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Chuck Wendig
Samuel R. Delany
Charles L. Grant

The Woman Who Died A Lot

The Woman Who Died A Lot  - Jasper Fforde It's interesting to read a book in the Thursday Next series that doesn't involve the Bookworld in one way or another. It's a part of what makes the series so creative and enjoyable, and I love to see how Fforde takes a part of fiction and applies it to real-world standards. The Woman Who Died a Lot references the Bookworld, and even has a significant plot point that concerns it (of course), but it doesn't take place there at all. The real focus of this novel is dealing with avoiding being smited by God and working out the intricacies of time travel when time travel is no longer a thing in their universe. And it's really not that much about Thursday at all.

The Woman Who Died a Lot focuses much more on Thursday's family and the other people who revolve around her in the SpecOps organization. She's become the head librarian at the Swindon All-You-Can-Eat-at-Fatso's Drink Not Included Library (which, of course, is akin to being hired to play major league sports, which may account for the not-so-subtle jab at the current trend of stadiums being named after their sponsors), but the major plot points involve Friday and Tuesday, her children, Joffy, her brother, and Phoebe Smalls, who is now the head of SO-27. It makes me wonder if Fforde is wrapping up the series, or at least passing the focus of the novel from Thursday to the rest of the cast. I seem to remember reading somewhere that there are two distinct Thursday Next series — the first spanning The Eyre Affair to Something Rotten, and the second starting with First Among Sequels and still going — and I wonder if the next book will be the last one. It seems to be heading in another direction, that's for sure.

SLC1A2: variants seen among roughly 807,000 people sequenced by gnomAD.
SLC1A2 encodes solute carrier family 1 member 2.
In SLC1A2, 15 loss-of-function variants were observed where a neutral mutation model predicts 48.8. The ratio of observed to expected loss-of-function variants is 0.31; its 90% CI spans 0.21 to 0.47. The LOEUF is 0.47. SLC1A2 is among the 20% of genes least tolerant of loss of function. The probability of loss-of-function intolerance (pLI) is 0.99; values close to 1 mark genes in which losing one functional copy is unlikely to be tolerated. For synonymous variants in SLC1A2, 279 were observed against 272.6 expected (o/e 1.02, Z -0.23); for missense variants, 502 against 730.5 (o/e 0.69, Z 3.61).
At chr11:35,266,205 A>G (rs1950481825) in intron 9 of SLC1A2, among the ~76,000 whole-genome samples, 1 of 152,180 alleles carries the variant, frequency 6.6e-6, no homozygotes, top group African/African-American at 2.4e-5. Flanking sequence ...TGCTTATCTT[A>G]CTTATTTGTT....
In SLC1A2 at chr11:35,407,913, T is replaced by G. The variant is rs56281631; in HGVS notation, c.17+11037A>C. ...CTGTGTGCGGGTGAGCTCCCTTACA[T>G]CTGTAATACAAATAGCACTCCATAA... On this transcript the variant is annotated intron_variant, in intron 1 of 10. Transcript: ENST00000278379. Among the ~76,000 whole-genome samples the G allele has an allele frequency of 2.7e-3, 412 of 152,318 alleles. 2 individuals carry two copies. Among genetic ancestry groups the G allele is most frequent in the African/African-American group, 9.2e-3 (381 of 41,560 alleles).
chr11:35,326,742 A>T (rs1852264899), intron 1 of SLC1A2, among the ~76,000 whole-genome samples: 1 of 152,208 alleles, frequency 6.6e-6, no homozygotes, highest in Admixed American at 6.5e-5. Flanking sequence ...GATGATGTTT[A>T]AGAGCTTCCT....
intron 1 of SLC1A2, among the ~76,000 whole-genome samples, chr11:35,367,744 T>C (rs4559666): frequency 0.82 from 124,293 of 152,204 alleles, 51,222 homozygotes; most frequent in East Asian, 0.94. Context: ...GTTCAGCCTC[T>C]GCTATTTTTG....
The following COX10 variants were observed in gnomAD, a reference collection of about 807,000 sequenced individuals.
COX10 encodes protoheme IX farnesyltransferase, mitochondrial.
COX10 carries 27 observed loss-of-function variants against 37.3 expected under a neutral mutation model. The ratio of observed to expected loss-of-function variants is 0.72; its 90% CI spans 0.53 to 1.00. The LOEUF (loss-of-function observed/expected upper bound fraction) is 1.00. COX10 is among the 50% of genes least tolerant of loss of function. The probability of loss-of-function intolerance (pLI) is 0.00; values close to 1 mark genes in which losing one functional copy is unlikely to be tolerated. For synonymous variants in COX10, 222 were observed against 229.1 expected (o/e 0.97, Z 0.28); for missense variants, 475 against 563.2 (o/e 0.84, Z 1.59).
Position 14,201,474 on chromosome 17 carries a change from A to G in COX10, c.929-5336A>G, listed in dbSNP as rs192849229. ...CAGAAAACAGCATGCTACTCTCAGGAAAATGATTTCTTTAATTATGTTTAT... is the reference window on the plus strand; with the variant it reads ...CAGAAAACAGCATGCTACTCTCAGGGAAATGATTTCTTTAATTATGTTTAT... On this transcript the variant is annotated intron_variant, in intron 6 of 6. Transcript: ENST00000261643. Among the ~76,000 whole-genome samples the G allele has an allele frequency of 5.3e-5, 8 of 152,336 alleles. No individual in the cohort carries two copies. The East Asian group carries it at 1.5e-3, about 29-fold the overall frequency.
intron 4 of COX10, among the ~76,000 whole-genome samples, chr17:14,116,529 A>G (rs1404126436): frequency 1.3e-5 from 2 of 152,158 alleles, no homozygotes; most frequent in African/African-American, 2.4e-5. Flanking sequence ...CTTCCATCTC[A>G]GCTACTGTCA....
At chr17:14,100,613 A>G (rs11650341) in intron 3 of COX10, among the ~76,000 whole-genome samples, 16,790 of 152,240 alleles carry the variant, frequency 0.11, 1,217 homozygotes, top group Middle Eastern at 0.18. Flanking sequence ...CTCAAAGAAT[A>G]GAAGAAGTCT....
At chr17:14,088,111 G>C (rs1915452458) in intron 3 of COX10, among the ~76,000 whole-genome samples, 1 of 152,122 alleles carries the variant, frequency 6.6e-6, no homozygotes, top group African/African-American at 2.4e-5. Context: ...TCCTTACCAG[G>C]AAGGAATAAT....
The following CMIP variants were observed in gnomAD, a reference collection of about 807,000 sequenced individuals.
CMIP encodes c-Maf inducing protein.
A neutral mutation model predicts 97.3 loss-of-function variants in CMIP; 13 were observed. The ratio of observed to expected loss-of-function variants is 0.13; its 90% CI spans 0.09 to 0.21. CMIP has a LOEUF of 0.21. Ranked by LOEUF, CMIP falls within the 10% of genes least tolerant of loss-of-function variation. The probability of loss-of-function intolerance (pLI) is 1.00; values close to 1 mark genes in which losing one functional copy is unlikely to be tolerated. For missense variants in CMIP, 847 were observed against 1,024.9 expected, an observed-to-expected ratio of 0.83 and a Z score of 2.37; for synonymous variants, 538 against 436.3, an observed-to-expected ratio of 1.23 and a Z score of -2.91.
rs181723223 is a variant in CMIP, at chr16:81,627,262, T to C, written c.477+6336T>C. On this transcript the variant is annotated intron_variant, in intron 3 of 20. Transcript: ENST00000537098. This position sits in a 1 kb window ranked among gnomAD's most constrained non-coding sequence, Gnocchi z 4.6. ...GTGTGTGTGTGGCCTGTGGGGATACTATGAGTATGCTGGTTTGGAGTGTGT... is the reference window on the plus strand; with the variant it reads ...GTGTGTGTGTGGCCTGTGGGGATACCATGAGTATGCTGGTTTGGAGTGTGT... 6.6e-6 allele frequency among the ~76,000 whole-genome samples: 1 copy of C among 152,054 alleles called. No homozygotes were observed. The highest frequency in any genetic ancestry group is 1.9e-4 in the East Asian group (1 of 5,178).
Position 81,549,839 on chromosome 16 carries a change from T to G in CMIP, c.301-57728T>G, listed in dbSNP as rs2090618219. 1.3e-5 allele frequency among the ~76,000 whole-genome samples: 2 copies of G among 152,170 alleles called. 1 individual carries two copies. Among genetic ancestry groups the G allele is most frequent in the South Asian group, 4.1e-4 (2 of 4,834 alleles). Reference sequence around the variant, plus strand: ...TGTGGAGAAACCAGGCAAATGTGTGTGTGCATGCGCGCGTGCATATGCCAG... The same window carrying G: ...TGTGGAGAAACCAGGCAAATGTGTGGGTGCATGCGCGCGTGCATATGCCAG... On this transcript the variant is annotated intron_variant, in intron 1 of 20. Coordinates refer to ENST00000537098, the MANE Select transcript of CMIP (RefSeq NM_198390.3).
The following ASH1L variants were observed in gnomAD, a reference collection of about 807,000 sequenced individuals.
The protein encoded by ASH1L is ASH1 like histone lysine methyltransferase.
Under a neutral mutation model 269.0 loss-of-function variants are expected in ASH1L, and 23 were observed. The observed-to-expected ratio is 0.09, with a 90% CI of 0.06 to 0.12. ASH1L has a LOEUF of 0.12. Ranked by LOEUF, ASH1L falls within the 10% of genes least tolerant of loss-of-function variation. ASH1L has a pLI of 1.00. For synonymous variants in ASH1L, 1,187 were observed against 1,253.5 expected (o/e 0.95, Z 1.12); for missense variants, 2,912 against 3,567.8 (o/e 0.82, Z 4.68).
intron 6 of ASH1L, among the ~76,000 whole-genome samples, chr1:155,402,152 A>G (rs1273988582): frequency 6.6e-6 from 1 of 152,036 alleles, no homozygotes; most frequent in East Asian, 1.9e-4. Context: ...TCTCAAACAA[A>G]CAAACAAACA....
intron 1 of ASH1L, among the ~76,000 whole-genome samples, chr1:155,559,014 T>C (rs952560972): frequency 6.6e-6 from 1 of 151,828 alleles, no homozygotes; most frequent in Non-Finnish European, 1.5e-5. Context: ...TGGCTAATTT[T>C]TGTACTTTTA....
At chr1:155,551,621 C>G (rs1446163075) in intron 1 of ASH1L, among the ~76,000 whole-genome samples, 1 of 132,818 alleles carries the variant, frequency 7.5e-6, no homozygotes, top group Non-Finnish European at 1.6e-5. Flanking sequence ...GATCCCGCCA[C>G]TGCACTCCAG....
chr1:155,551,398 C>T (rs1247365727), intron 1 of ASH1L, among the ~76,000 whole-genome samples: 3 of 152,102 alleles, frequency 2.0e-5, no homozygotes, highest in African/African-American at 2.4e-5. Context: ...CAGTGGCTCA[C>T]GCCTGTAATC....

The book isn't a disappointment, by any means. There are some truly memorable moments here, especially with the mindworm that infects the family, forcing them to remember a daughter who never existed, and there's the usual silly wordplay and chaos that readers will recognize, but the focus seems to be shifting with this novel. There might even be a plothole or two relating to the first-person narrative and the way that the Dark Reading Material is accessible to the characters, but who knows? Maybe that will be covered in the next novel. I'm not any less eager to keep reading to see what happens next.